Things I've been Silent About by Azar Nafisi...a review
I'm reticent to say that I didn't like this book. My concern obviously is that it is hard enough encouraging people to read great books. A negative response makes it that much harder for a book to find an audience that will appreciate it. And so I will, in order to make myself feel better, provide a little background and say that I absolutely fell in love with this author when I read Reading Lolita in Tehran. This book actually held its position as my number one favorite read for over a year. Nafisi is such a meticulously detailed writer. The irony is that I wholeheartedly enjoyed this aspect while immersed in Reading Lolita in Tehran, but found myself dreading, so sad, reading Things I've been Silent About for the very same characteristic.
I felt bogged down a good majority of the time while reading Things I've Been Silent About. Over and over again Nafisi mentioned names, events, and political parties in reference to how it affected her own families' situation. And perhaps because I am not completely confident in the histories of other countries, nor do I have any "personal ties", I have to admit that I ultimately ended up skimming sentences that appeared to list out this type of information.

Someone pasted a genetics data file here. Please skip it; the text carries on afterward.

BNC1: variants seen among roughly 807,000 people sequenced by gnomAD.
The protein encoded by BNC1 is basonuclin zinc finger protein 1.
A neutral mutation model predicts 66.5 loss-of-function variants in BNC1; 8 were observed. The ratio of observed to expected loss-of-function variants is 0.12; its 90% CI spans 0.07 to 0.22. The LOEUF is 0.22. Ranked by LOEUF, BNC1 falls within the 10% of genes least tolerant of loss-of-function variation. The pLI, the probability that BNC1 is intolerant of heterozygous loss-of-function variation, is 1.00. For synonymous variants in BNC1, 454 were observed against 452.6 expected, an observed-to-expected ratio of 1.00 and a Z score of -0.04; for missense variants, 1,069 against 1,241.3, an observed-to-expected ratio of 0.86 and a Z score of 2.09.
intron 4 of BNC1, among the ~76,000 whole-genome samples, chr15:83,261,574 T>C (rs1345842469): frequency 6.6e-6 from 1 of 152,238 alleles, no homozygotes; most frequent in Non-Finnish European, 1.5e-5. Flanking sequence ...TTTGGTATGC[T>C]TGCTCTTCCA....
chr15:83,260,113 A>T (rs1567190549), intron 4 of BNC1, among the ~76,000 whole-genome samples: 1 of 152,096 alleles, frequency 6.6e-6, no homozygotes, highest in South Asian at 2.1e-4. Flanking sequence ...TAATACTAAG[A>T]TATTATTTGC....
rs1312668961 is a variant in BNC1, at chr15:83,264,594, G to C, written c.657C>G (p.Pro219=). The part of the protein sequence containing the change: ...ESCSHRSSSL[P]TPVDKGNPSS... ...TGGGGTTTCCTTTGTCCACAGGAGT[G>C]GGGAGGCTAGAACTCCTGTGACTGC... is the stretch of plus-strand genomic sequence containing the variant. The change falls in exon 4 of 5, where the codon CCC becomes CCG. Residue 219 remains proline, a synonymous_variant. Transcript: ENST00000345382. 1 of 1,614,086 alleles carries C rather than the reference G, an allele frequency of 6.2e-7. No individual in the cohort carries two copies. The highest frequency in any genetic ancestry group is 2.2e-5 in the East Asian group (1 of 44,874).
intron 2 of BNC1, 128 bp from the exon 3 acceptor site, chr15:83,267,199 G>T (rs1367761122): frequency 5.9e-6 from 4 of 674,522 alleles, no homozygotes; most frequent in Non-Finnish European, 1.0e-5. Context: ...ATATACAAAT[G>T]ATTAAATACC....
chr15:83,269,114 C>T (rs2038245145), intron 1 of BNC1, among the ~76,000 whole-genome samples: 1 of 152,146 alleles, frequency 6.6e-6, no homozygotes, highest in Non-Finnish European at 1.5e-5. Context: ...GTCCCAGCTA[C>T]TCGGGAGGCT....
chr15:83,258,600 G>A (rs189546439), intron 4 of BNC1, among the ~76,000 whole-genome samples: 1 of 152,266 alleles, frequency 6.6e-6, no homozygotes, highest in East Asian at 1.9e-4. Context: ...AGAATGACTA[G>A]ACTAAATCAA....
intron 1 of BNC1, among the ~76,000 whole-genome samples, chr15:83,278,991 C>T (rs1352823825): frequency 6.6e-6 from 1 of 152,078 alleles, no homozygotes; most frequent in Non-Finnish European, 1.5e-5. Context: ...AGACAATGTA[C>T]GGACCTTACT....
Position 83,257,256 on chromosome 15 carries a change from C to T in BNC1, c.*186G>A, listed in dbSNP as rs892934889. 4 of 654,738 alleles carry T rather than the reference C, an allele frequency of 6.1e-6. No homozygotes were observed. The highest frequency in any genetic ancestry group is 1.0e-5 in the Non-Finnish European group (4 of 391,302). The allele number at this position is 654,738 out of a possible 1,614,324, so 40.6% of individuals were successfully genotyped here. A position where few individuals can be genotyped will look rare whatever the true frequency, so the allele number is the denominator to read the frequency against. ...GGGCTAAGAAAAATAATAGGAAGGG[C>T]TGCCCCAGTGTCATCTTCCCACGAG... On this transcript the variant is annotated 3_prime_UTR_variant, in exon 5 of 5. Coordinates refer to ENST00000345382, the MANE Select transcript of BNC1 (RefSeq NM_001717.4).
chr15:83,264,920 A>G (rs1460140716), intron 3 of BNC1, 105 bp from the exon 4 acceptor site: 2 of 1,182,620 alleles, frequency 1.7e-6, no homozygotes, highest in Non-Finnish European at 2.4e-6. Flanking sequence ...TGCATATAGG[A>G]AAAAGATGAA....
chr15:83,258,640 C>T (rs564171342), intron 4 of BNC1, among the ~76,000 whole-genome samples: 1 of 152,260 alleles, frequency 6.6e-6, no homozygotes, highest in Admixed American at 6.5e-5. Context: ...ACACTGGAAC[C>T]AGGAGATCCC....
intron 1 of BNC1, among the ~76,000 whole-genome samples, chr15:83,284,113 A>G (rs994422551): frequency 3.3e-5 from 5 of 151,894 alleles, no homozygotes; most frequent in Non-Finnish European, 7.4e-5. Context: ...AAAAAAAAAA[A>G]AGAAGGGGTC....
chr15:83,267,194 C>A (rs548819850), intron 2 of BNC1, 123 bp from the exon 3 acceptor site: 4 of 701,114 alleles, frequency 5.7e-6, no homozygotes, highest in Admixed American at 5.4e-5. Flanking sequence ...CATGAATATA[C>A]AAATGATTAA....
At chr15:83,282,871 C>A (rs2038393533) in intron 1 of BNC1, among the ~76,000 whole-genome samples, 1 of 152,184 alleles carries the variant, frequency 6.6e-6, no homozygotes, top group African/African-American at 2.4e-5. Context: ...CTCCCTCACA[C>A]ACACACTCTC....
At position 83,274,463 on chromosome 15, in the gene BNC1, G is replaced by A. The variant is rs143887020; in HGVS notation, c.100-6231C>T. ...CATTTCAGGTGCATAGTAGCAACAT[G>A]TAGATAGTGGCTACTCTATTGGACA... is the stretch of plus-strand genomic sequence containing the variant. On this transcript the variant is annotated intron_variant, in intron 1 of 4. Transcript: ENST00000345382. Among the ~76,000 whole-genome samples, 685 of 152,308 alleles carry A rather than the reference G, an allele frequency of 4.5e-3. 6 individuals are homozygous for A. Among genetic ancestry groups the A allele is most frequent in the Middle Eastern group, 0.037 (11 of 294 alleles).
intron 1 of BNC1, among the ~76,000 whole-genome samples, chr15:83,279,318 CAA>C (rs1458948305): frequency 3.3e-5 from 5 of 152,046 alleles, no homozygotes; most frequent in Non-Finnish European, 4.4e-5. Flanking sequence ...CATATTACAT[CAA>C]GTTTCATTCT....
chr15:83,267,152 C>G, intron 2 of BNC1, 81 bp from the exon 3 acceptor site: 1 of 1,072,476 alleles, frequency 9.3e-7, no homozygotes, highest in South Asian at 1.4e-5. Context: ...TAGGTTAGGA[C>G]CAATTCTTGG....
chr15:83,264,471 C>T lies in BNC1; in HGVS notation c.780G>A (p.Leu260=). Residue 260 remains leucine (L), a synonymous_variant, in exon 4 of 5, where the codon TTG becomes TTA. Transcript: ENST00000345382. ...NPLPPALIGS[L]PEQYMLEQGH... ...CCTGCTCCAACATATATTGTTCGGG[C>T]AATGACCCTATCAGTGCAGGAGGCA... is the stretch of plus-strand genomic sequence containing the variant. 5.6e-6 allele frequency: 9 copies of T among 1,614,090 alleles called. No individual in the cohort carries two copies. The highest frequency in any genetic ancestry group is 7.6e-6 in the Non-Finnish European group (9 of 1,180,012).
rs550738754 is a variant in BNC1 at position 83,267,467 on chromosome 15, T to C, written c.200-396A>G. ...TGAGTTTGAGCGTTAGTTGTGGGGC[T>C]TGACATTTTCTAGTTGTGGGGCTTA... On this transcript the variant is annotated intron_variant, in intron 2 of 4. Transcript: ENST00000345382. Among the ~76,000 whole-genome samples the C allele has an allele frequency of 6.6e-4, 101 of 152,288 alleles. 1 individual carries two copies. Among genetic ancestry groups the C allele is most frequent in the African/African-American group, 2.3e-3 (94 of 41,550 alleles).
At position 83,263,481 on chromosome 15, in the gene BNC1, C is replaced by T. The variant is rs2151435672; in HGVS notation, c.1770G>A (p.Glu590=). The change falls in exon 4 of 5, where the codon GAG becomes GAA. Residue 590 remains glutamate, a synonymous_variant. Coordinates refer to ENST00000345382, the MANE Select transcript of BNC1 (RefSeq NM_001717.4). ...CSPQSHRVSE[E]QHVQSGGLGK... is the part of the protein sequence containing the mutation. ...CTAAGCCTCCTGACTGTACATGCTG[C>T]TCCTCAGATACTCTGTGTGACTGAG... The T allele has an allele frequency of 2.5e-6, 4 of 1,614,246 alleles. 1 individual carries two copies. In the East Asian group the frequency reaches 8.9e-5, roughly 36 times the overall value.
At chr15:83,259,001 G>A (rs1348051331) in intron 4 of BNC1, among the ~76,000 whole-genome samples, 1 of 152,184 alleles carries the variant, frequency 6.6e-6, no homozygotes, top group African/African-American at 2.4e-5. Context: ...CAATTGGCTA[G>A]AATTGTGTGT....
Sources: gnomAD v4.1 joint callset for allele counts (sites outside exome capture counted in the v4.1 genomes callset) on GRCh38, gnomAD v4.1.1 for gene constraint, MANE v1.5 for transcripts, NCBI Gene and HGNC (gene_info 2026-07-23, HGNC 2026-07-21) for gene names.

It was a struggle to just "get" through the first half of this book. There was absolutely no buy in, nothing pulling me back to read. The conflict, as it was presented, was not magnetic. I sat down so many times to read this book but time and again became distracted. The second half of the novel is definitely more compelling than the first, but it would have taken way more to win me over by the time I reached that portion.
So no, I wouldn't make this a recommended read. I would however, suggest Reading Lolita in Tehran. This book manages to incorporate the struggles of the country- specifically as it forged for and against woman's rights. This historical background meshes seamlessly with the author's perspective for an extremely well written novel.